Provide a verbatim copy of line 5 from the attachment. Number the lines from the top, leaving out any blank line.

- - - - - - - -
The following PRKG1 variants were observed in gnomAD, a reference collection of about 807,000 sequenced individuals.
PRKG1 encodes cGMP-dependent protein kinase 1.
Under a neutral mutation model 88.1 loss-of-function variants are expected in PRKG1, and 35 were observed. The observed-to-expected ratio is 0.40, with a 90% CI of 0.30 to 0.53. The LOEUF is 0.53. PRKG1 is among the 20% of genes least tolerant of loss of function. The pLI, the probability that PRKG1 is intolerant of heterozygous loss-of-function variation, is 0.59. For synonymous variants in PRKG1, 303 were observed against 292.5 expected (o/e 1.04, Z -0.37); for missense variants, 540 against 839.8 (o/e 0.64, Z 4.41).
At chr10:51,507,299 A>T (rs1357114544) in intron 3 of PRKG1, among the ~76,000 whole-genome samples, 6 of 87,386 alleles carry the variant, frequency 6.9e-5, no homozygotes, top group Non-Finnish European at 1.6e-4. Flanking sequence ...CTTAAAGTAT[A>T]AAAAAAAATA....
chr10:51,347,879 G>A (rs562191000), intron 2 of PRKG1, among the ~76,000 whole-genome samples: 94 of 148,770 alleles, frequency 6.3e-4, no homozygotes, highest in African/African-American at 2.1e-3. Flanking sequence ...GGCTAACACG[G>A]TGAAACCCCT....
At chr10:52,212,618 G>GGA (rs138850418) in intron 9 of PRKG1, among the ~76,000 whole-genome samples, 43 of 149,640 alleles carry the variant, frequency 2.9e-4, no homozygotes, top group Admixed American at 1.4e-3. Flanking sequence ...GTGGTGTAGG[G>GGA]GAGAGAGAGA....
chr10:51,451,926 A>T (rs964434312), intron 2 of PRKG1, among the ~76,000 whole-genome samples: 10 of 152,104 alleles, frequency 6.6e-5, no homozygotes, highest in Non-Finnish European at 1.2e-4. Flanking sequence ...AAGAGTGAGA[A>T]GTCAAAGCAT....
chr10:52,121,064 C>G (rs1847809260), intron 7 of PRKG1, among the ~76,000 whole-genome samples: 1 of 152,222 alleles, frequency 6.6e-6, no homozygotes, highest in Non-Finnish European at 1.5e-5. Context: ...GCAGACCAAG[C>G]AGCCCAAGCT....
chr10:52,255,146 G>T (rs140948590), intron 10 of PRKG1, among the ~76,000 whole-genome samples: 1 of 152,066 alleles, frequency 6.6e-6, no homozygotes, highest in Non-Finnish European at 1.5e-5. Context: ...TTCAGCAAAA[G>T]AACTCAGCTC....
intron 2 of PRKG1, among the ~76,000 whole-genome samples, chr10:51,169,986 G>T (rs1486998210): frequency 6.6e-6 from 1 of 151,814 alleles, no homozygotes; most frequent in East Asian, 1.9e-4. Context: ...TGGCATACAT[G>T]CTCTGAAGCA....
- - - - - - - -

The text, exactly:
chr10:51,347,879 G>A (rs562191000), intron 2 of PRKG1, among the ~76,000 whole-genome samples: 94 of 148,770 alleles, frequency 6.3e-4, no homozygotes, highest in African/African-American at 2.1e-3. Flanking sequence ...GGCTAACACG[G>A]TGAAACCCCT....